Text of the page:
Breast cancer didn’t run in Maria Allen’s family, but still, at age 52, she decided to get that routine mammogram.
That decision was, in part, influenced by her efforts at the time to lose weight and eat healthier. Her husband, Michael, also had a brief bout with prostate cancer a few years earlier.
It was a good thing she did. In April 2018, that exam at the Women’s Health & Medical Arts Building at Beverly Hospital turned up something “suspicious” looking. She got a call to undergo a diagnostic mammogram, which she did immediately at the Lahey Outpatient Center in Danvers, followed by an ultrasound and biopsy. They uncovered a small, malignant tumor.
After a successful surgery, radiation treatment and ongoing medication, Allen is still cancer-free two years later. And she makes sure to get those yearly mammograms, as well as an MRI, due to having dense breast tissue.
“It was a good wake-up call,” said the Salem resident.
One of six siblings, Allen said no one else in her family ever had breast cancer. She never imagined it would happen to her. But, she said, it’s become more common today and now she makes sure to share her story with her family and to stress the importance of the routine exams.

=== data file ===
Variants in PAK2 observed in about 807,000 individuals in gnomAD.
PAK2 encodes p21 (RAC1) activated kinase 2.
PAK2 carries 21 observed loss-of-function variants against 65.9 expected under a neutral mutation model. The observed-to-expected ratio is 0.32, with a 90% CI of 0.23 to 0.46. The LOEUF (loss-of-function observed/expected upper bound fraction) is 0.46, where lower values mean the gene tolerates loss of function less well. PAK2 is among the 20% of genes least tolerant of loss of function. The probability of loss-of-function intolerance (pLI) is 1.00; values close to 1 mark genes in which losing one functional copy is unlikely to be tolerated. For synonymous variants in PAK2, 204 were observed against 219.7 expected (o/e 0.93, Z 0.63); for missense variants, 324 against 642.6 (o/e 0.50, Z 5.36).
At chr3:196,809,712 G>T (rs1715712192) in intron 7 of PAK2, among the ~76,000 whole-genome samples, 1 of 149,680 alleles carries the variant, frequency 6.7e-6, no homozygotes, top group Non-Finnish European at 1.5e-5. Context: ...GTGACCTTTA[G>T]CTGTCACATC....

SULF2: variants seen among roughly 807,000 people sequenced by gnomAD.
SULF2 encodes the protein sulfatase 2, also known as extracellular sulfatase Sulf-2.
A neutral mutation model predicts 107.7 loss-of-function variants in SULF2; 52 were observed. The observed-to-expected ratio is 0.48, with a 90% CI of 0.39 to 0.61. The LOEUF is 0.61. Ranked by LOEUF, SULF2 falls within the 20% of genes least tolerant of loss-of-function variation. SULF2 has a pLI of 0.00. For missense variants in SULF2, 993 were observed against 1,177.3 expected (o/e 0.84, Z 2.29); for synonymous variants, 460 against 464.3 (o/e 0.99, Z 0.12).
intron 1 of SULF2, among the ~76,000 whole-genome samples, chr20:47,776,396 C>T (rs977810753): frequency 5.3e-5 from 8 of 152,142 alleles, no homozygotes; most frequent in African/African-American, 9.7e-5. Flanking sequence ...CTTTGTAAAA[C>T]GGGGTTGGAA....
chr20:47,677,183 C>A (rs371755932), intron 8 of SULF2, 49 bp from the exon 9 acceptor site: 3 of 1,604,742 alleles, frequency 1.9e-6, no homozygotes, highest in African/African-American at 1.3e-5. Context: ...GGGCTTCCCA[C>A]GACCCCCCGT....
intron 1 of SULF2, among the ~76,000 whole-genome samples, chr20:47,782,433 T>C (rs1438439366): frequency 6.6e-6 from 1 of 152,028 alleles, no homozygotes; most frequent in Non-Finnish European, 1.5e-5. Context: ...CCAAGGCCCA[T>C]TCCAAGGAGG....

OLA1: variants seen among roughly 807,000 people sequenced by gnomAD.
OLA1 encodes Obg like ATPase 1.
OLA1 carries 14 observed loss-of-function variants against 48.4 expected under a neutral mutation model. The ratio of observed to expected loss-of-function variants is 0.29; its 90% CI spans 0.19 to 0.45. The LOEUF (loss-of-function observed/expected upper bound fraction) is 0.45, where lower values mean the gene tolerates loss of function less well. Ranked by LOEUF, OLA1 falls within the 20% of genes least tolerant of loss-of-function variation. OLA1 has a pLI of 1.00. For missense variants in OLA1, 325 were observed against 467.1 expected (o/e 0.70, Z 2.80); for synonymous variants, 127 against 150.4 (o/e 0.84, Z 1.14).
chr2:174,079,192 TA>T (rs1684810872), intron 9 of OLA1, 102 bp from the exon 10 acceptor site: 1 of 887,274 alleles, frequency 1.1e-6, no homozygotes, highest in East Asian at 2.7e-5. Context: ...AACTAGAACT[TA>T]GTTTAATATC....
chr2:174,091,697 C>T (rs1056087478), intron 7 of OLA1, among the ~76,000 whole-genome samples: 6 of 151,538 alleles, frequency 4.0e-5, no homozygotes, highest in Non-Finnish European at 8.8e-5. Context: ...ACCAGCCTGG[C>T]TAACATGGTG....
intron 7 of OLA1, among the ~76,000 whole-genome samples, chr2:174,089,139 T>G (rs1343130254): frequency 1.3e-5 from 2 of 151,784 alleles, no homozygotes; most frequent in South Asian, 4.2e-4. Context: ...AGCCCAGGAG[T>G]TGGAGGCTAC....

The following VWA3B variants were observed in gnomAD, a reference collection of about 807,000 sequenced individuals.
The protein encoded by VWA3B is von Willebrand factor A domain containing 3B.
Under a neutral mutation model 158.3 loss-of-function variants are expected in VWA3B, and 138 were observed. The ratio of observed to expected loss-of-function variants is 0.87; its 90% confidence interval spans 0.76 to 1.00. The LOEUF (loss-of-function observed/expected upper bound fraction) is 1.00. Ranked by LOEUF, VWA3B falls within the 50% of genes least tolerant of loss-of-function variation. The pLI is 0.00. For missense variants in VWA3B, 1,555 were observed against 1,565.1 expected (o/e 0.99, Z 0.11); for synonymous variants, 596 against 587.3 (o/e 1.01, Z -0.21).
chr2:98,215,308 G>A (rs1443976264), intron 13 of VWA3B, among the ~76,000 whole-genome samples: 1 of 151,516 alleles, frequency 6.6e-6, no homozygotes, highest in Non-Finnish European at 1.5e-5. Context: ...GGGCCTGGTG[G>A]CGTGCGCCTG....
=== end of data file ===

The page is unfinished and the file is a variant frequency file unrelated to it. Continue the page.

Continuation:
Allen also has a background in health care — she worked for 11 years as a licensed practical nurse, mainly in the area of pediatric oncology, both in New York, where she’s originally from, and on the North Shore after moving to Massachusetts.
“But I didn’t like it, it just wasn’t for me,” she said, explaining that she ended up going back to school and earned a certificate in culinary arts from North Shore Community College in Danvers.
These days, in the midst of the coronavirus pandemic, Allen works from home designing and stitching face masks that she sells in her husband’s shop in downtown Salem, the Red Lion Smoke Shop on Washington Street.
She said being treated for breast cancer has resulted in changes in her life.
“All in all, the experience has shown me how much more knowledgeable and dedicated medical personnel have become. In my case, the routine mammogram showed something suspicious and I was able to get treated in a timely manner,” she said. “Sometimes, a routine mammogram is not enough information, especially if you have dense breast tissue. I have always had dense breast tissue, yet the routine mammogram still picked up something that was a possible abnormality.”
Allen still takes a regular prophylactic to block her body’s estrogen output, which helps reduce the likelihood of her cancer returning. She said she has to take it for five to 10 years. And daily brisk walks for exercise. Her husband, too.
“We have both had a brush with cancer, so we stay fit by healthier food choices and walk outside as much as we can,” she said.